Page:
The Internet, just like the rest of the world, is not a perfectly safe place to visit. If you download files from the Internet, there is a chancea very small chance, but nonetheless a chancethat your computer could become infected with a virus.
Viruses are malicious programs that invade your computer. They can cause many different kinds of damage, such as deleting data files, erasing programs, or destroying everything they find on your hard disk. Not every virus causes damage; some simply flash annoying messages.
Although you can get a virus from the Internet by downloading files to your computer, the Internet is not the only place where viruses can be picked up. If you've sent files via email or on your company's internal network, you can get viruses that way as well. Instances have occurred when commercially bought, shrink-wrapped software has contained viruses.
The term virus is a somewhat generic term applied to a wide variety of programs. Viruses are written for specific kinds of computers, such as PCs or Macintoshes, because the files they infect run only on one kind of computer.
Traditional viruses attach themselves to programs or data files, infect your computer, replicate themselves on your hard disk, and then damage your data, hard disk, or files. Viruses usually attack four parts of your computer: its executable program files; its file-directory system that tracks the location of all your computer's files (and without which your computer won't work); its boot and system areas that are needed to start your computer; and its data files. At one time it was believed that data files could not be infected by viruses, but that is not the caseviruses have been written that infect data files too. For example, some viruses attach themselves to Microsoft Word macros and are launched whenever a particular macro is run.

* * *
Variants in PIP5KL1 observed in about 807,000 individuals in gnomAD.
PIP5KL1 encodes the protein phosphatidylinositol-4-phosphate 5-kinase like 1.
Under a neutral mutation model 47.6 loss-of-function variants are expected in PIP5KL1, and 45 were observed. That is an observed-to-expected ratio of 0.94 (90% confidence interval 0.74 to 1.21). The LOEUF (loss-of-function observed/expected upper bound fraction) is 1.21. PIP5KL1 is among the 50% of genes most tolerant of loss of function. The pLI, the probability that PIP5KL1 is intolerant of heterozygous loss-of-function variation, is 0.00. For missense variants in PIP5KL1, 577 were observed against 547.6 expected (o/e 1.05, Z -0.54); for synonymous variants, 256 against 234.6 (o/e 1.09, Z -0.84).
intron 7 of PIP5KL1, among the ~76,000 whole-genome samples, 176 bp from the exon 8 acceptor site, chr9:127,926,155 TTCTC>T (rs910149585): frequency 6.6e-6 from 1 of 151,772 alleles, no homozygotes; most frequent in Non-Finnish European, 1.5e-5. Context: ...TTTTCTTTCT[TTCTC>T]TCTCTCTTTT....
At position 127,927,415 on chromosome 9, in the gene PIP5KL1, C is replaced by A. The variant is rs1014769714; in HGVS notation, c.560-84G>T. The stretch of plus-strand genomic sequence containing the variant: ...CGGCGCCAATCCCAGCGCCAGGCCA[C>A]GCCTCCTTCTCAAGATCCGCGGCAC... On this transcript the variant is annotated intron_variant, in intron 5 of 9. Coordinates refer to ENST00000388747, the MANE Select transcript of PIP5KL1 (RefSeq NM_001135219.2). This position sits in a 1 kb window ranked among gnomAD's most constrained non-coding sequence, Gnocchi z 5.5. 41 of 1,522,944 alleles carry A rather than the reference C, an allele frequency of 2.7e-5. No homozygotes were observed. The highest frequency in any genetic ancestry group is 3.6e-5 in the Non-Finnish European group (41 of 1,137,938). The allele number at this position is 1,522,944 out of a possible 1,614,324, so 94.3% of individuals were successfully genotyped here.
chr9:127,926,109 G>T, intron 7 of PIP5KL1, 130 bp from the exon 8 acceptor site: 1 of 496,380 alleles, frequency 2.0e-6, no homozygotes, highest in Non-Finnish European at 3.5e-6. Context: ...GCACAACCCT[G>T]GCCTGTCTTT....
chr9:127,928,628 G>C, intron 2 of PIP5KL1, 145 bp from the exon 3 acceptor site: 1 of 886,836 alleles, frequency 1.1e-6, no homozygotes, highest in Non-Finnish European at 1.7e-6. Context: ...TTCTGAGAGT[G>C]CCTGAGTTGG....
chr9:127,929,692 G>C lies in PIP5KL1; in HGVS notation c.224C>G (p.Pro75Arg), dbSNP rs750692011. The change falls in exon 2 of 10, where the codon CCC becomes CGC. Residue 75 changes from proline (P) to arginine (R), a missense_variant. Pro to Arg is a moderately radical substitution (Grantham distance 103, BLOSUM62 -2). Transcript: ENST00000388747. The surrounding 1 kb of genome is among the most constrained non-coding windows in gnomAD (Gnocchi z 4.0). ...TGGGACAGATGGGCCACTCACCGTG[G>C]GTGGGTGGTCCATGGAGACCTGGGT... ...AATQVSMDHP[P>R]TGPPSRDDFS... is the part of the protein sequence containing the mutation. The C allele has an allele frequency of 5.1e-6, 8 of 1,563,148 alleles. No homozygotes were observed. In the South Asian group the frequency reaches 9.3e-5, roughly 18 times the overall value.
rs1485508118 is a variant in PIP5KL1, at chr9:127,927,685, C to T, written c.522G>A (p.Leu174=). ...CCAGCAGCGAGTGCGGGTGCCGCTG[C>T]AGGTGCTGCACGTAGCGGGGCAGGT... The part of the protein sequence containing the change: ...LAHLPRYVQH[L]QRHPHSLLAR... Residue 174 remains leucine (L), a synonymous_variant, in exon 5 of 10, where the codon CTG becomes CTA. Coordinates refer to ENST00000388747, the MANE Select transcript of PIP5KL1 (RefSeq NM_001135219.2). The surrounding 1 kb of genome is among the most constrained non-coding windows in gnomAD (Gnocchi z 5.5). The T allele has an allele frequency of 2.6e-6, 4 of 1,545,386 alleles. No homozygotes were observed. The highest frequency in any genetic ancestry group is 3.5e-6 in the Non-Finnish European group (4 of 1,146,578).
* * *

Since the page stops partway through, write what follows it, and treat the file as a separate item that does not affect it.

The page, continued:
Trojan horses are files or programs that disguise themselves as normal, helpful programs or files, but in fact are viruses. For example, if a program purported to be a financial calculator, but really deleted every file on your hard disk, that program would be called a Trojan horse.
Worms are programs designed to infect networks such as the Internet. They travel from networked computer to networked computer and replicate themselves along the way. The most infamous worm of all was released on November 2, 1988, the Robert Morris Internet Worm. The worm copied itself to many Internet host computers and eventually brought the Internet to its knees. A more recent worm, Melissa, was disguised as a Word document sent via emailand it wreaked enough havoc that it crashed many Internet and corporate mail servers by making use of the Outlook and Outlook Express email programs.
The best way to protect your computer against viruses is to use antiviral software. There are several kinds of antiviral software. A scanner checks to see whether your computer has any files that have been infected; whereas an eradication program will wipe the virus from your hard disk. Sometimes eradication programs can kill the virus without having to delete the infected program or data file, while other times those infected files must be deleted. Still other programs, sometimes called inoculators, do not allow a program to be run if it contains a virus and stop your computer from being infected. Malicious email programs can sometimes be stopped by disabling a built-in capability to run scripts in email software. Many antiviral programs build in all these capabilities, as a way of offering you the fullest protection.